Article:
In the spring of 1920 Calvin Coolidge was under consideration as a candidate for the Republican nomination for the presidency. An organization in behalf of this candidacy had begun operations when Governor Coolidge issued a formal statement saying that he was not a candidate. He did so because he regarded it as not proper for the Governor of Massachusetts to enter a contest for delegates. This statement by him placed those advocating his nomination in a difficult position. The movement to nominate him continued, but without his consent, and without any consultation with him thereafter.
When the delegates and others arrived in Chicago in June for the Republican National Convention, one of his friends undertook to draw from Mr. Coolidge a statement which might be helpful. He drafted a telegram thus: --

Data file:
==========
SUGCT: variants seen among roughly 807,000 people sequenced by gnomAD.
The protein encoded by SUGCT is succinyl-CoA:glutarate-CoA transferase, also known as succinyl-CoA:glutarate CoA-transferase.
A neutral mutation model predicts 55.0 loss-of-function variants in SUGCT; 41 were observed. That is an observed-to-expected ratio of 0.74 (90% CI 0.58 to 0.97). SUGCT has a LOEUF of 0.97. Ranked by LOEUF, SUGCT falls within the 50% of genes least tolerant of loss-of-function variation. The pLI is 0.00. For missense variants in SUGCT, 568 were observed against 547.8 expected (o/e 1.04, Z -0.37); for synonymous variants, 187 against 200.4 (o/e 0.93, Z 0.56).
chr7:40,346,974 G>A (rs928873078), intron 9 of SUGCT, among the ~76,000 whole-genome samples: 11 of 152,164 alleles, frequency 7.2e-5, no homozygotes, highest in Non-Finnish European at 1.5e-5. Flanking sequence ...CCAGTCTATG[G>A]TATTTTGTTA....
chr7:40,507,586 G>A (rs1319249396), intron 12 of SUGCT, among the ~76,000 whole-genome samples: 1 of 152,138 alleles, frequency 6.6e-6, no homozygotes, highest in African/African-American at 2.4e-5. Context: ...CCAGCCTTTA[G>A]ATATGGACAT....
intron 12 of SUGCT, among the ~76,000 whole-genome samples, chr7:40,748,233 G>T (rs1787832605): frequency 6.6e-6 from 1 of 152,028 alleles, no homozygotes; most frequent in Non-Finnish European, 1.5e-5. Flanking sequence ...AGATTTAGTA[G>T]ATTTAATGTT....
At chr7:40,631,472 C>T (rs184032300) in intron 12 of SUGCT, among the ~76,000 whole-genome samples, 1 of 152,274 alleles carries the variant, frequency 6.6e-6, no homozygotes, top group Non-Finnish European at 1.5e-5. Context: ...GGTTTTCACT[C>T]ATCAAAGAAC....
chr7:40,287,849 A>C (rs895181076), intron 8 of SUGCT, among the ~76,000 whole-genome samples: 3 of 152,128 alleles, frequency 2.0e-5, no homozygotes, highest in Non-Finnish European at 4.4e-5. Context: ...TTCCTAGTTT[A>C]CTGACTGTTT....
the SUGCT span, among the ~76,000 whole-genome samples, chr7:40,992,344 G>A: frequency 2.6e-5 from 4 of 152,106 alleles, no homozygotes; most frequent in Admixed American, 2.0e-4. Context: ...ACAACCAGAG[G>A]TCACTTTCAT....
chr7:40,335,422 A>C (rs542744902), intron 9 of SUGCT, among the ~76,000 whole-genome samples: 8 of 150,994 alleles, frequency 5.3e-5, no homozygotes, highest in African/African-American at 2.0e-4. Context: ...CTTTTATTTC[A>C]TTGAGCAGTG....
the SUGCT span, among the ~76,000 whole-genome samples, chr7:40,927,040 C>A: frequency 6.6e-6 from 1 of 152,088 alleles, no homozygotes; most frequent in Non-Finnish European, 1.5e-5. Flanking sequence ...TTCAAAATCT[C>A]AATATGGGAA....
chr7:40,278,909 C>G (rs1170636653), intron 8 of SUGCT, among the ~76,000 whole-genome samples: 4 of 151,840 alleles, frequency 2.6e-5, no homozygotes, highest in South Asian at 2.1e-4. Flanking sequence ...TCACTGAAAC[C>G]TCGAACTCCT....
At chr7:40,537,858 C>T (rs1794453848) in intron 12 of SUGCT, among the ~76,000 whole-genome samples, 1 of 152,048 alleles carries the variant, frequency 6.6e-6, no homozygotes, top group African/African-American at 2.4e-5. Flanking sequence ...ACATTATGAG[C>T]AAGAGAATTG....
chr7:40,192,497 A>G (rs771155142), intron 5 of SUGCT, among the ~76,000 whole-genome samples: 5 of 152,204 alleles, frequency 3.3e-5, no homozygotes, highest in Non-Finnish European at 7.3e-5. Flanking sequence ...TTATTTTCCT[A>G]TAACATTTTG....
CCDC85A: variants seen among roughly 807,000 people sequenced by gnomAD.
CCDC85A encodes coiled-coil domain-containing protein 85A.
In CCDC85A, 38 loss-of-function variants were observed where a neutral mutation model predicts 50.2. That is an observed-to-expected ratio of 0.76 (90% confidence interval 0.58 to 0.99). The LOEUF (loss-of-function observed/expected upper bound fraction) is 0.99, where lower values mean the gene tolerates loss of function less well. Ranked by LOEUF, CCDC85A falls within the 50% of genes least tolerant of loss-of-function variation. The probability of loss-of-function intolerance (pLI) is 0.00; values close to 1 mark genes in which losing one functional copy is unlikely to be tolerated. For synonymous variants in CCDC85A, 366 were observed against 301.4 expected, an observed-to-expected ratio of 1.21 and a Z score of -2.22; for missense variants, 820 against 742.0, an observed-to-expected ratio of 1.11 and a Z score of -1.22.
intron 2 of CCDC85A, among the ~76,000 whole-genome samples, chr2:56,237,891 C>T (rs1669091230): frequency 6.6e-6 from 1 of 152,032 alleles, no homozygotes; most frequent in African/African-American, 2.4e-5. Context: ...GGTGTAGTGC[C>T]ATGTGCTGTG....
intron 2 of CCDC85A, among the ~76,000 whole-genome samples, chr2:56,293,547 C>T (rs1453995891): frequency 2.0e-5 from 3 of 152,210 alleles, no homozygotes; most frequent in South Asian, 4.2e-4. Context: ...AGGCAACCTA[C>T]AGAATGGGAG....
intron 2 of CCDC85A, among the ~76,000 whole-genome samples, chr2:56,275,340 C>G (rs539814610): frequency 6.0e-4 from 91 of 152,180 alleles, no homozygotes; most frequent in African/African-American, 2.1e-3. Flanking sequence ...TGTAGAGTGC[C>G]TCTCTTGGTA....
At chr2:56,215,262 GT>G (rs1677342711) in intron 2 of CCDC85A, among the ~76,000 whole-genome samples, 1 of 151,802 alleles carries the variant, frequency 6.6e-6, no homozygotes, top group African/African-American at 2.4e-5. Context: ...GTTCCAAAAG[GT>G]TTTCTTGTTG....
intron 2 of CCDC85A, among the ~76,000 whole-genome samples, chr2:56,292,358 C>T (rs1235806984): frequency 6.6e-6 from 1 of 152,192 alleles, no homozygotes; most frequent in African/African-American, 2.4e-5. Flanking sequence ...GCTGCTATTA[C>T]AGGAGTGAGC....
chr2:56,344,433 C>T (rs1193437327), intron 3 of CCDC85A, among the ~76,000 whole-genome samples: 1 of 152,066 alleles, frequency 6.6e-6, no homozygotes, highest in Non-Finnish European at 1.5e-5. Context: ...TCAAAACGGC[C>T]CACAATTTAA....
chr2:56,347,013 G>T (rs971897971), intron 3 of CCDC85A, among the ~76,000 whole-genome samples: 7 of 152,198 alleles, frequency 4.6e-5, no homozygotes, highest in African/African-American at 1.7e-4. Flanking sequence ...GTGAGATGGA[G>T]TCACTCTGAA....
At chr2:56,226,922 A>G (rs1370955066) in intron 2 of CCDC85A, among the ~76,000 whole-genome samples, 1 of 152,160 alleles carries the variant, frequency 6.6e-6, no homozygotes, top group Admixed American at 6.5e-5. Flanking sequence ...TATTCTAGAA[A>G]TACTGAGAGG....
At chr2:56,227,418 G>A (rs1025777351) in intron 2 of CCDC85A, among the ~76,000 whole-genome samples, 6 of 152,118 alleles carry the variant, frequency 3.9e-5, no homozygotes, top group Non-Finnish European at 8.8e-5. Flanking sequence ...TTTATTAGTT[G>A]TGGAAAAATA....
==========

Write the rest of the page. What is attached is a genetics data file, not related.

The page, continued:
"Your friends here all send their best wishes and want to know if you are a candidate. What shall I tell them?"
He believed this telegram would produce an interesting reply. It did. The reply was this: --
"Thank my friends for their good wishes and tell them the truth."
It is in accord with the spirit of the Governor's telegram on that occasion that this book is written: "Tell them the truth."
E. E. W.
October 15, 1923 . . .